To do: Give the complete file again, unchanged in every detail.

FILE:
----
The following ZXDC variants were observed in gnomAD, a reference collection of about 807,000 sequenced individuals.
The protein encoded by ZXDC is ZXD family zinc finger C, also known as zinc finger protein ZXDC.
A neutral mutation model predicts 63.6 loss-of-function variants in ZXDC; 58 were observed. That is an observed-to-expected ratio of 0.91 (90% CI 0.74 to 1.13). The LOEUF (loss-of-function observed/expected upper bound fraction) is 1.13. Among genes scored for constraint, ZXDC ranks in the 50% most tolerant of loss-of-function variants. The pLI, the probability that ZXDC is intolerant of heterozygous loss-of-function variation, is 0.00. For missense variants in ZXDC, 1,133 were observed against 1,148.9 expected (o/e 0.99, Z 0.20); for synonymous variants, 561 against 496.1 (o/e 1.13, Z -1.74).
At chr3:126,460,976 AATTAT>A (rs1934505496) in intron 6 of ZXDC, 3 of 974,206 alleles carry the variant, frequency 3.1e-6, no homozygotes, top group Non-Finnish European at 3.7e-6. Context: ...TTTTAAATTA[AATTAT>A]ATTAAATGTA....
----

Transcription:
The following ZXDC variants were observed in gnomAD, a reference collection of about 807,000 sequenced individuals.
The protein encoded by ZXDC is ZXD family zinc finger C, also known as zinc finger protein ZXDC.
A neutral mutation model predicts 63.6 loss-of-function variants in ZXDC; 58 were observed. That is an observed-to-expected ratio of 0.91 (90% CI 0.74 to 1.13). The LOEUF (loss-of-function observed/expected upper bound fraction) is 1.13. Among genes scored for constraint, ZXDC ranks in the 50% most tolerant of loss-of-function variants. The pLI, the probability that ZXDC is intolerant of heterozygous loss-of-function variation, is 0.00. For missense variants in ZXDC, 1,133 were observed against 1,148.9 expected (o/e 0.99, Z 0.20); for synonymous variants, 561 against 496.1 (o/e 1.13, Z -1.74).
At chr3:126,460,976 AATTAT>A (rs1934505496) in intron 6 of ZXDC, 3 of 974,206 alleles carry the variant, frequency 3.1e-6, no homozygotes, top group Non-Finnish European at 3.7e-6. Context: ...TTTTAAATTA[AATTAT>A]ATTAAATGTA....